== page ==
Tech

Better and better: AF-S Nikkor 70-200mm f/2.8E FL ED VR lens review

July 2017 issue

Better and better: AF-S Nikkor 70-200mm f/2.8E FL ED VR lens review

When it comes to camera lenses, fast and accurate matter, but usability is key. Nikon’s new AF-S Nikkor 70-200mm f/2.8E FL ED VR zoom lens is better than its predecessor in both regards. Still, is it worth the investment to upgrade? I’ll highlight a number of features and changes to help you evaluate the improvements and decide whether upgrading lenses makes sense for you.

Even though Nikon didn’t label this lens the VR III, it’s the third generation of the VR 70-200mm lens. At 7.9 inches long and just 50.5 ounces, this new 70-200mm f/2.8 is lighter and slightly more compact than its predecessor (8.1 inches long and 54.3 ounces).

Function buttons have made a comeback on the AF-S Nikkor 70-200mm f/2.8E FL ED VR. While there were several buttons on the original 70-200mm VR, there were none on the 70-200mm VR II. The four function buttons on the new lens can be programmed from your camera’s menu (on select DSLR bodies) or used with any DSLR in one of three modes: AF-L, AF-On, Off. These buttons are a lifesaver when you want to easily access a function or override your focus settings to get a critical shot.

The background shows a creamy bokeh in this image taken at minimum focus distance for 1/200 second f/2.8, ISO 200.
© Betsy Finn
The background shows a creamy bokeh in this image taken at minimum focus distance for 1/200 second f/2.8, ISO 200.


Nikon decreased the minimum focus distance from 4.6 feet to 3.6 feet, which will be a boon for wedding and event photographers, or anyone who just wishes they could get a little closer to their subject.

VR image stabilization continues to be impressive, especially since Nikon has fine-tuned it yet again. Instead of 3.5 stops effective shutter speed, the new 70-200mm f/2.8 boasts four stops. I had no problems shooting handheld at slow shutter speeds. The VR on-off switch has three settings now: Off, Normal, and Sport.

Unlike previous versions of the lens, the AF-S Nikkor 70-200mm f/2.8E FL ED VR lens relies on Nikon’s electromagnetic diaphragm mechanism (the E designation in f/2.8E, not to be confused with the Series E lenses from the 1980s) to control the aperture. This won’t be problematic unless you’re using a DSLR or SLR model released before the Nikon D3 or D300, as older bodies rely on mechanical diaphragm blades.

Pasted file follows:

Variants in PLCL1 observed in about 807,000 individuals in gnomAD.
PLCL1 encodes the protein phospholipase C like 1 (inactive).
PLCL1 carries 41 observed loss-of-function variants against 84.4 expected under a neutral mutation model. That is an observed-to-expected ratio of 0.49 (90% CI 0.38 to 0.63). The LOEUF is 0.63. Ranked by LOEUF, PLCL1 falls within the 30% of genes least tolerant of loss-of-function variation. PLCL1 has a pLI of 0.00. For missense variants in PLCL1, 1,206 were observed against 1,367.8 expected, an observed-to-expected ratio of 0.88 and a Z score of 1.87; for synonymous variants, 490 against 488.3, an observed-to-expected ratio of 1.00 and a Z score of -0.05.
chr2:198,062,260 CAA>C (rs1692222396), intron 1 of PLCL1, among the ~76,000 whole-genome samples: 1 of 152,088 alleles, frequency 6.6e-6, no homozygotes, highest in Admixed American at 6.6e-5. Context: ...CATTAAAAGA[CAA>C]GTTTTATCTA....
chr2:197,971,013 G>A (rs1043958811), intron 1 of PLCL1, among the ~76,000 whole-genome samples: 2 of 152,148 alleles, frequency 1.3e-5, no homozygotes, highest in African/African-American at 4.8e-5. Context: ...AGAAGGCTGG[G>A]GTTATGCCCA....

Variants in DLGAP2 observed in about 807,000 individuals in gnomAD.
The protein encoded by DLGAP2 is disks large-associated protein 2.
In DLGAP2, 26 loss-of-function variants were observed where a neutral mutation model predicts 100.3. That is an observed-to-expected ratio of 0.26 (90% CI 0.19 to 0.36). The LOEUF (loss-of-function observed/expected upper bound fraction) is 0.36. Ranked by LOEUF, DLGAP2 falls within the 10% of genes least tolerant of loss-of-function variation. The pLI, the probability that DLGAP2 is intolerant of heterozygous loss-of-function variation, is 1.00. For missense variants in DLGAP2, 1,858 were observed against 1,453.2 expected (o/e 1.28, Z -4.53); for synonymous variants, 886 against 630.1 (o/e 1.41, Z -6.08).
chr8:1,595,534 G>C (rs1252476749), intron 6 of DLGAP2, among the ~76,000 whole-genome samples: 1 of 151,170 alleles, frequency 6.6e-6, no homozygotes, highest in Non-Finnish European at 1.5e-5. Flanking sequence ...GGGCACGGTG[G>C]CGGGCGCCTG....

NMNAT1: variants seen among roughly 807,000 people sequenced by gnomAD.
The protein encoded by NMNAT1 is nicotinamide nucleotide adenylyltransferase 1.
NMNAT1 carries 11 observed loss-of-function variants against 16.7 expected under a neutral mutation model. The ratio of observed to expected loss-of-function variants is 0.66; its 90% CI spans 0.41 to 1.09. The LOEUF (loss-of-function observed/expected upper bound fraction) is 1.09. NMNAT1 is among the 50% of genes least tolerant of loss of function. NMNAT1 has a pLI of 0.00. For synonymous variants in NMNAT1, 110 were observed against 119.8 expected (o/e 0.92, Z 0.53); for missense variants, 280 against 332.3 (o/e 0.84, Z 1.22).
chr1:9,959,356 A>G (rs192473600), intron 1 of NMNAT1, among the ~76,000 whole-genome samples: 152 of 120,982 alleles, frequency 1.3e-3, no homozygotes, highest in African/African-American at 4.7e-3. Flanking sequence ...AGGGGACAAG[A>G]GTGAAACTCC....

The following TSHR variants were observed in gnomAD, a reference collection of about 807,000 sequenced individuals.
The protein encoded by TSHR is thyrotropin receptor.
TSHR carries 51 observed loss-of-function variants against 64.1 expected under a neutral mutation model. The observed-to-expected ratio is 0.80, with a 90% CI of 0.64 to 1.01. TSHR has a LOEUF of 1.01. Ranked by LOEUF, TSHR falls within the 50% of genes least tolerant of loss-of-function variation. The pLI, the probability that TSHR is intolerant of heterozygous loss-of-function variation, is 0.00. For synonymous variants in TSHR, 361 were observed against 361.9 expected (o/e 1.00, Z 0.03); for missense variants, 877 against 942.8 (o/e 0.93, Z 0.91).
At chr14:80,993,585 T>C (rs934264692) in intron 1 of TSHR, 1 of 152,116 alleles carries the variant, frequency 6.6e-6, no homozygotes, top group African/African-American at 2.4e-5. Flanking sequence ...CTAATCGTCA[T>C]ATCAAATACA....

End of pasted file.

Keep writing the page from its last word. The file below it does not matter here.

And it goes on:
You can see great detail in this exposure taken for 1/125 second at f/10, ISO 200, in studio with strobes.
© Betsy Finn
You can see great detail in this exposure taken for 1/125 second at f/10, ISO 200, in studio with strobes.


The AF-S Nikkor 70-200mm f/2.8E FL ED VR lens features 18 lens groups comprising 22 lens elements. There’s one fluorite element (lighter than glass, corrects chromatic aberrations), one high refractive index (HRI) element, six extra-low dispersion glass (ED) elements, and others with nano crystal coating to eliminate internal reflections. The front lens element has a fluorine coating to repel dust, water droplets, and oil.

Both of the predecessors to this lens had effective focal lengths that diverged depending on the focus distance. This has been fixed, and Nikon claims the lens has no focal length changes (aka, focus breathing) across the entire length of the zoom range.

I put the lens through a number of shooting experiences. It was fantastic in both studio and location portrait sessions with natural light and studio strobes. Its performance was amazing with nature and wildlife. Quick focusing and aperture adjustment were much appreciated at a youth T-ball game. I can also confirm that the lens performance shines in a dimly lit church sanctuary.

The focus plane is sharp, even to the edge of the frame. Bokeh on out-of-focus areas of an image is lovely, and there’s minimal vignetting. The VR technology allowed me to shoot handheld at 1/40 second without blur.

Most significantly, the construction of the lens elements practically eliminates unwanted lens flare. I shot a series of test images with the lens at different apertures, panning closer and further from the sun. While I did find some major lens flare, it wasn’t happenstance. Regardless, the image retains a respectable amount of contrast rather than washing out as typically happens with lens flare.

To get lens flare, I had to do it intentionally, and the image retained a respectable amount of contrast.
© Betsy Finn
To get lens flare, I had to do it intentionally, and the image retained a respectable amount of contrast.

 

Most of the changes I’ve mentioned are, without question, improvements. But there’s one design change that may prove an issue for some: Nikon has reversed the location of zoom and focus rings. Nikon states it made the change to enhance handling and provide more stable handheld use. Depending on your shooting style, you may be able to adapt to the change seamlessly. But it could cause a timing hitch for a pro using multiple cameras and lenses at an event, as this setup is different from other Nikkor lenses.

The AF-S Nikkor 70-200mm f/2.8E FL ED VR is a fantastic lens with many improvements over previous versions. It performed well in every application I tested. It was more responsive than previous versions, and I appreciated that the function buttons have returned. Just two caveats: the zoom/focus ring swap could be a deal breaker, and this lens is an investment. You’ll need to evaluate it for yourself and see if it’s worth upgrading. Will the improvements add to your bottom line? If so, it’s worth the  $2,799.95 price.  

Betsy Finn owns Betsy’s Photography, a portrait studio in Michigan.

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